“Exhalation” does double-duty in this anthology, as it also guides the reader through the emotional experience of Doing Science. Anyone can be told what the scientific method is, and how it can be applied, much like anyone can be told what the feeling of “love” entails. The purpose of fiction is to actually make the reader feel the emotion of falling in love. Or, in this case, the intellectual and emotional journey of unraveling a scientific mystery and discovering a hidden truth about the world. Rational Fiction isn’t shy about its pro-science stance. Not all Rational Fiction is about giving the reader the experience of applying scientific principles to real problems, but it is one of the things the overall genre strives for.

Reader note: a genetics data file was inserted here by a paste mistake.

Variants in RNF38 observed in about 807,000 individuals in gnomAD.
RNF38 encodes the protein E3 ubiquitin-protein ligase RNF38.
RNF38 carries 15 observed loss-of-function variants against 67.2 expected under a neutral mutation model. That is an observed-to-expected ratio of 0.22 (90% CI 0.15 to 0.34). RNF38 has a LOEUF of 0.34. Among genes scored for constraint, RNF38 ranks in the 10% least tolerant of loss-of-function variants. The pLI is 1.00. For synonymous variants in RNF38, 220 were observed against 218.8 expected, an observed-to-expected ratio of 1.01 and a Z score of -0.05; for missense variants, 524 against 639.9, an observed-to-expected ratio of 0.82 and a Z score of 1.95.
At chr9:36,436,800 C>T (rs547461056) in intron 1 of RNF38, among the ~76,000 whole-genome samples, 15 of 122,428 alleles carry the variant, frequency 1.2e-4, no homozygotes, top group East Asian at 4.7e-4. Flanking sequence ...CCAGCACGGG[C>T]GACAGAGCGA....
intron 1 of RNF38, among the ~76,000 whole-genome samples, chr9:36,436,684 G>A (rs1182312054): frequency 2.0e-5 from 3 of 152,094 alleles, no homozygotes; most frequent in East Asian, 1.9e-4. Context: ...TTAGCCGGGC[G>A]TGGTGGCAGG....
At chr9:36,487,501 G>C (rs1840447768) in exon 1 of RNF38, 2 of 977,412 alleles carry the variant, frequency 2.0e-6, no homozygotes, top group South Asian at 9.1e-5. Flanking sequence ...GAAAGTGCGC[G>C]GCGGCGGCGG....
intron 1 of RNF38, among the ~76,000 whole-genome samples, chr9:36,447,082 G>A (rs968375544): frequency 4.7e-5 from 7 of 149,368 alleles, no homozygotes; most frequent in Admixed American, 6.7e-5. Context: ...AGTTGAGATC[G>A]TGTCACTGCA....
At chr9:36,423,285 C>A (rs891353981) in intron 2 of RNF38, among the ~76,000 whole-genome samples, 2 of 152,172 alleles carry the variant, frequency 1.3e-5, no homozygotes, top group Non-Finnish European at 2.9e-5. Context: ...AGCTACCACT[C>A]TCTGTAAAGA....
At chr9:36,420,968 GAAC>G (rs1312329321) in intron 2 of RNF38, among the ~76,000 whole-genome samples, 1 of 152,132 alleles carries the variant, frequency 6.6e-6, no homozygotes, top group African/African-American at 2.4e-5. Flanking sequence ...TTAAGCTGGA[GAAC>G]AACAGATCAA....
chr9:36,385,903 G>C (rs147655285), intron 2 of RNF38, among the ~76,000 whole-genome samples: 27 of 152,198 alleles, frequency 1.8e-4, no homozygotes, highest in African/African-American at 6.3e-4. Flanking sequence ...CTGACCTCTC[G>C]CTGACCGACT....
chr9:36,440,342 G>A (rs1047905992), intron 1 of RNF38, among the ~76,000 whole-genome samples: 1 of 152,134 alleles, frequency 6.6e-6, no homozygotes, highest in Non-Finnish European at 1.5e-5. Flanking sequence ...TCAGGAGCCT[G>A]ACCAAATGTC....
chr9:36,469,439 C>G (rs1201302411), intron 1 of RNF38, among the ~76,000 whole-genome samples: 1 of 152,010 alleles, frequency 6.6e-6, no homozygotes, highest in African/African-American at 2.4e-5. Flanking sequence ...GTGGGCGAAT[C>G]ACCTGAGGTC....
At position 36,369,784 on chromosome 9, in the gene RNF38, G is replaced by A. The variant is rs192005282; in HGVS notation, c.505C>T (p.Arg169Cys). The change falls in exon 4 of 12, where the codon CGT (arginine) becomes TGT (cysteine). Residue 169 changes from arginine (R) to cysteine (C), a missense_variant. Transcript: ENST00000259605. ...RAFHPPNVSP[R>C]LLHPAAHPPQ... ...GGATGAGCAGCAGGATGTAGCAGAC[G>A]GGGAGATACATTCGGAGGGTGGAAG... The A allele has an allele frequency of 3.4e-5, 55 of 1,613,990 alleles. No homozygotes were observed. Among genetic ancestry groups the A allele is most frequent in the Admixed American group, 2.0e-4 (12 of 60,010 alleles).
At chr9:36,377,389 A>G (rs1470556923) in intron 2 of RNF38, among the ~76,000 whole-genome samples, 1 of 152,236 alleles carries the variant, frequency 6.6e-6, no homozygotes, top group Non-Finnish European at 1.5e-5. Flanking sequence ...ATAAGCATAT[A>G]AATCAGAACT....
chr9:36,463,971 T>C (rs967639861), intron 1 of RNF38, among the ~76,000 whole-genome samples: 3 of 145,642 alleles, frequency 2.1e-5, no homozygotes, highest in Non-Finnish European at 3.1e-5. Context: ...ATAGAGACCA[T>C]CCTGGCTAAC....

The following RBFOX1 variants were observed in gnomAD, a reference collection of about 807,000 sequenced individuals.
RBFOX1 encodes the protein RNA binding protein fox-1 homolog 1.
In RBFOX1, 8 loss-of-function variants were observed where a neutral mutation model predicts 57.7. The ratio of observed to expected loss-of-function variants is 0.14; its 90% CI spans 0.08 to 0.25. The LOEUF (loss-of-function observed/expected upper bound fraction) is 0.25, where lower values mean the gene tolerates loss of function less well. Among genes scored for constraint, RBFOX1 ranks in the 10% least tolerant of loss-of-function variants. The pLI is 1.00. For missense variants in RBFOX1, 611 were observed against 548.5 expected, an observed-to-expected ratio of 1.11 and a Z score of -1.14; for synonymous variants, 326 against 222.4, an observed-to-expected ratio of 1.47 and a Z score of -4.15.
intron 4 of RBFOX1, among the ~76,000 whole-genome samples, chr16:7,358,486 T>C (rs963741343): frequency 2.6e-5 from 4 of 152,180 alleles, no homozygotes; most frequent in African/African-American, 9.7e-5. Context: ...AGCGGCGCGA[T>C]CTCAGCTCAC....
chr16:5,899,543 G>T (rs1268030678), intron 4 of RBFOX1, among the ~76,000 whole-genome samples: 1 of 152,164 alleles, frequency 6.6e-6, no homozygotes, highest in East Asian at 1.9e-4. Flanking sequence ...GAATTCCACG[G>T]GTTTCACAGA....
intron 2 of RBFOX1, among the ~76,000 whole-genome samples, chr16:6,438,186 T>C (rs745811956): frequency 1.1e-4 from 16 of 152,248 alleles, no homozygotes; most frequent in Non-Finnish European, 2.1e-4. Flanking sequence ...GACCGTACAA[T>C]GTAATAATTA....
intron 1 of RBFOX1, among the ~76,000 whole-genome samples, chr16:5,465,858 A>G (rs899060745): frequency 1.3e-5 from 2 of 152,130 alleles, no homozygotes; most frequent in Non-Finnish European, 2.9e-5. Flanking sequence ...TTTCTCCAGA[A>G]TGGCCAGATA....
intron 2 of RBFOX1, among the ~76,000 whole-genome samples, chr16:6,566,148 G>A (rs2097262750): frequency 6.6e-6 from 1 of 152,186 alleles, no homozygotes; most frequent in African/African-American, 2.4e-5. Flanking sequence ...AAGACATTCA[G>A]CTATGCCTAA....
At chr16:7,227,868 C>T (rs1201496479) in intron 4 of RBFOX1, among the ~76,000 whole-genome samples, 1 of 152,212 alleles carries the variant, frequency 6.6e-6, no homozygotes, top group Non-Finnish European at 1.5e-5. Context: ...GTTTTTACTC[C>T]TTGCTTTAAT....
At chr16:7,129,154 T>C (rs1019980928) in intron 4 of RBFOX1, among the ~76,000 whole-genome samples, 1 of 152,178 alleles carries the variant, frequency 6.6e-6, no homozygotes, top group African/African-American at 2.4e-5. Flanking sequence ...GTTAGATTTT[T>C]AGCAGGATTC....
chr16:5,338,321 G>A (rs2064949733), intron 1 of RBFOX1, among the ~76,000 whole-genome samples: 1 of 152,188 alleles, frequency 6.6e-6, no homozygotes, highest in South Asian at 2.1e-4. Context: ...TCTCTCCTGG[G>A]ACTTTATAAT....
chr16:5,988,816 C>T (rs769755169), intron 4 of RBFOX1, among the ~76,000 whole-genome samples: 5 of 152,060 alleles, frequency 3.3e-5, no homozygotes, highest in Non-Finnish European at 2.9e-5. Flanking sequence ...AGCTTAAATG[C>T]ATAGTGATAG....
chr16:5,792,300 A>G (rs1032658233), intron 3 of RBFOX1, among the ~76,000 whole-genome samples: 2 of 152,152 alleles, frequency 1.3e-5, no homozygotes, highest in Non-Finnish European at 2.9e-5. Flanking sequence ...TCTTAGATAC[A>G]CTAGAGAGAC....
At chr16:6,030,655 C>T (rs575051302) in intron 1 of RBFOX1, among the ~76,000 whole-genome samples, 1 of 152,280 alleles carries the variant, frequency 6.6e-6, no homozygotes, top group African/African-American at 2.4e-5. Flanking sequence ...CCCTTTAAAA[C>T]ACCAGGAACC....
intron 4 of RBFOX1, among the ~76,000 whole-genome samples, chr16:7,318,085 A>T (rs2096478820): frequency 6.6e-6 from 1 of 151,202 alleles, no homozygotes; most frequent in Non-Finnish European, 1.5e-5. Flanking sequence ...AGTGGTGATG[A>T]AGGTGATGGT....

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“Exhalation” by Ted Chiang

(audio version)

about Ted Chiang


About Ted Chiang

Ted Chiang is a celebrated writer of short fiction, winner of multiple Nebula, Hugo, and Locus awards. He was born and raised in Port Jefferson, New York, and attended Brown University, where he received a degree in computer science. His debut story “Tower of Babylon” won the Nebula in 1990. He lives outside of Seattle, Washington. The short story “Story of Your Life” is the basis for the movie “Arrival.” Many of his works are collected in “Story of Your Life and Others,” and several more are available online.

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introduction to The Cambist and Lord Iron


Introduction to The Cambist and Lord Iron